Keywords: Irrigation,agriculture,culture,gender,norms,labor force participation,property rights
    JEL: J16 J21 N50 O10 P14 Q15 Z13
    Date: 2020
  11. By: Vincenzo Alfano; Salvatore Ercolano; Gaetano Vecchione
    Abstract: By changing many aspects of everyday life, the COVID-19 pandemic and the social distance policies implemented to face it have affected the behaviour of many people, all over the world. Has the pandemic also affected people approach toward the divine? Previous evidences suggest that the prayer search over the Internet rose during the pandemic and that people tend to mainly rely on intrinsic religiosity rather than extrinsic to cope with adversity. In this contribution, by the means of a set of panel random effect estimators, we compare the change in religious attendance in Italian regions before and during the pandemic. Our results suggest that there is an increase in religiosity during the Covid-19 pandemic. Our findings are robust to several specifications of the model and to different estimators. This suggest that people derive more comfort from extrinsic religious activities during hard times, characterized by uncertainty.
    Keywords: COVID-19, coronavirus, religious attending, mass, mass streaming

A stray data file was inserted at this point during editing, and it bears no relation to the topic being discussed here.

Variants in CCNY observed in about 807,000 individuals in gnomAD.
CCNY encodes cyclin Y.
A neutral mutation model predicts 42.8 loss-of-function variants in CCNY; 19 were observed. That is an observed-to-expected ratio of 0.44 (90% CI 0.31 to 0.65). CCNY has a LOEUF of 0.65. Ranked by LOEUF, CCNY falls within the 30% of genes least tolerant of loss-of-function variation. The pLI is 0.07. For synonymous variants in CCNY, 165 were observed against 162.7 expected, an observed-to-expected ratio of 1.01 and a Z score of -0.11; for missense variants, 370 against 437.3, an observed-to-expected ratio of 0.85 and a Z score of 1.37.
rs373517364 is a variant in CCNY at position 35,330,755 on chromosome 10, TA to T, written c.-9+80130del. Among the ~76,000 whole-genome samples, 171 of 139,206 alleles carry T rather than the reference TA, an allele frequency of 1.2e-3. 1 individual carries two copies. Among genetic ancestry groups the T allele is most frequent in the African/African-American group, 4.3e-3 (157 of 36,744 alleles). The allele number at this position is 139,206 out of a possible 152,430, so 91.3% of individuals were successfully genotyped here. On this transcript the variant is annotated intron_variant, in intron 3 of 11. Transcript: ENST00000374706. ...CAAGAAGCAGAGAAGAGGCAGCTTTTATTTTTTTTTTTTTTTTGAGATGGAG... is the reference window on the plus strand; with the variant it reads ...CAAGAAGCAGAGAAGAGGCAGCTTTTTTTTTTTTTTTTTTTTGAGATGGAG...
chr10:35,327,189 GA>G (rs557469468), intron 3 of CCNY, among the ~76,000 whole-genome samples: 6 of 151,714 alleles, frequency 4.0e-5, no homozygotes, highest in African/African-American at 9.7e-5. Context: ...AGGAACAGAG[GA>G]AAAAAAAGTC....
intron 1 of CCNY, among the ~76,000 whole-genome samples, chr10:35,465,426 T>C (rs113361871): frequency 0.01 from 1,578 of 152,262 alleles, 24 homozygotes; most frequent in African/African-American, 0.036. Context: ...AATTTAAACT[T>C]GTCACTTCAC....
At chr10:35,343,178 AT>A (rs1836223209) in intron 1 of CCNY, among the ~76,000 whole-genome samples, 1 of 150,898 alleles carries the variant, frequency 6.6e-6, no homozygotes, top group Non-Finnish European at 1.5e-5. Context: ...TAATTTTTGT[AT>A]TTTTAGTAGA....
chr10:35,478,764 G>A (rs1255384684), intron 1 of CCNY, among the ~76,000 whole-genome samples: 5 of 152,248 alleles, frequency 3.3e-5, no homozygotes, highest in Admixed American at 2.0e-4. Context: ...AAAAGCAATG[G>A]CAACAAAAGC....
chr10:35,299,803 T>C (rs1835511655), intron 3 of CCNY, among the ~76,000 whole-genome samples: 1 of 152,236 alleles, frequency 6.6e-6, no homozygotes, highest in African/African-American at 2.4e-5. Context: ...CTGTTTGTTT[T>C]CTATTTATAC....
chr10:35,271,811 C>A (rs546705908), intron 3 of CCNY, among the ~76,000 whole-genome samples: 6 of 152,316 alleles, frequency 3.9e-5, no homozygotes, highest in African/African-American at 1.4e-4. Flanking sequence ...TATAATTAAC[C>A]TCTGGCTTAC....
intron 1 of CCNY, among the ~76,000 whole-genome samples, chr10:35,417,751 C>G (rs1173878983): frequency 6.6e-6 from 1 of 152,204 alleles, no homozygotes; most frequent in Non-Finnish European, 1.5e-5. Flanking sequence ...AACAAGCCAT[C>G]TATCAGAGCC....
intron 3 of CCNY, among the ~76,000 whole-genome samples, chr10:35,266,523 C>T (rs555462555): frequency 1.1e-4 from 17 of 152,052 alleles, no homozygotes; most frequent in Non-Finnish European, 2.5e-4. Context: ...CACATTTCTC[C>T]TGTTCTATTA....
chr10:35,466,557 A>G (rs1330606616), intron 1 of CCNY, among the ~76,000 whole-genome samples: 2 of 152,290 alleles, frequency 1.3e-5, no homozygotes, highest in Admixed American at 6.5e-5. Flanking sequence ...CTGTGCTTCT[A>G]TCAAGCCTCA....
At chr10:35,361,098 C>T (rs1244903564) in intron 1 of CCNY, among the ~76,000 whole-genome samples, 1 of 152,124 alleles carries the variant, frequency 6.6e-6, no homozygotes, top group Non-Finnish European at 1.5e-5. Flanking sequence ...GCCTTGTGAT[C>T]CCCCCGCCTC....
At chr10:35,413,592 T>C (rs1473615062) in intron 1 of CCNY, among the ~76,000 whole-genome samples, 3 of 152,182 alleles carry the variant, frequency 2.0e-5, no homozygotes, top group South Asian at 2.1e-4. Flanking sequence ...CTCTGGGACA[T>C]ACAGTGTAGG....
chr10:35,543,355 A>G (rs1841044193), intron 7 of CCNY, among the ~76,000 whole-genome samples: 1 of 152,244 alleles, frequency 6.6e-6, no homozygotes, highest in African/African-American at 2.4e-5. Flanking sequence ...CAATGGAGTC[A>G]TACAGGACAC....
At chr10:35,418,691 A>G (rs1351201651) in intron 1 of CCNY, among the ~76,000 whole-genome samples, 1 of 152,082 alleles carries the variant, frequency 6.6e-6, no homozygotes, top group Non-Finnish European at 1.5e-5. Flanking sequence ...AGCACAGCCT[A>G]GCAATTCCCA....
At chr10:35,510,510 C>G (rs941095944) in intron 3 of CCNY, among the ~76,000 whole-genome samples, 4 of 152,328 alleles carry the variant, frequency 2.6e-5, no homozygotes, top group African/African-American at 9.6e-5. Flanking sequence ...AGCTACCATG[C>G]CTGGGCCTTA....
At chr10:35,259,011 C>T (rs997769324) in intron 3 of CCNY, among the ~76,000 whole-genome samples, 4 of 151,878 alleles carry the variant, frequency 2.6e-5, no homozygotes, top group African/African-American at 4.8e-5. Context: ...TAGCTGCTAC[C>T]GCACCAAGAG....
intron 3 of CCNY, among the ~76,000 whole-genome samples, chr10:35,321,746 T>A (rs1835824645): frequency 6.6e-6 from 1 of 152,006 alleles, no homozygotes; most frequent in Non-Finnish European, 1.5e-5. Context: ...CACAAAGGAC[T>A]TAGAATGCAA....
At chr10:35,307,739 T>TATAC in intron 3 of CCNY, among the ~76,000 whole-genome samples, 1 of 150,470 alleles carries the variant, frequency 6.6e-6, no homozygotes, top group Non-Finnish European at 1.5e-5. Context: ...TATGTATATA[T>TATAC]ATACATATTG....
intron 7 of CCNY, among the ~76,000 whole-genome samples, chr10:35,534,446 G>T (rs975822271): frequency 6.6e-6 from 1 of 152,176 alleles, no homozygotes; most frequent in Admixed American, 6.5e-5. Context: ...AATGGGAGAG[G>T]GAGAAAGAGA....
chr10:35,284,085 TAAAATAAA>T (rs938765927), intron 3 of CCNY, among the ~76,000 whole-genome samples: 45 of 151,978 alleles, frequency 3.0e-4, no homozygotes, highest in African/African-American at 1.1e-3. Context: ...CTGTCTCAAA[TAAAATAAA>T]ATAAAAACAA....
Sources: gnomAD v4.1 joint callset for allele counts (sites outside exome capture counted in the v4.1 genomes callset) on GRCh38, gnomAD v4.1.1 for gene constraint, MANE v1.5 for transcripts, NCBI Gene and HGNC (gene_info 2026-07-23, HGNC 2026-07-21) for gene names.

JEL: Z12 N34 I12
    Date: 2020
  12. By: Potts, Danielle; Martensen, Malte
    Abstract: Germany's population is currently undergoing a major shift as well as a general decline. These changes are expected to impact not only the workforce but also the social systems dependent on having a steady supply of individuals contributing to them. While no single solution alone is likely to be enough to resolve the upcoming challenges, the post-graduation employment of international students may help. However, even though there are jobs available, many international students in Germany struggle to find work after completing their studies. How, and with who, international students form their networks in the host country may play a crucial role in successful employment. While research has been conducted on international student friendship formation, social capital, and employability, little to no research has been conducted on how these elements interact when employment in the host country is the goal of an international student post-graduation. A better understanding of the role friendship plays in developing host country social capital could be key in guaranteeing international students to find employment in their host country post-graduation. Additionally, for Germany in particular, this will mean more filled positions and potentially reduced strain on workforce dependent social systems in the future.
    Keywords: International Students,Friendship Formation,Social Capital,Employability,Germany
    JEL: M54
    Date: 2020
  13. By: Ngo, Chin; Nguyen, Quyen Le Hoang Thuy To; Nguyen, Phong Thanh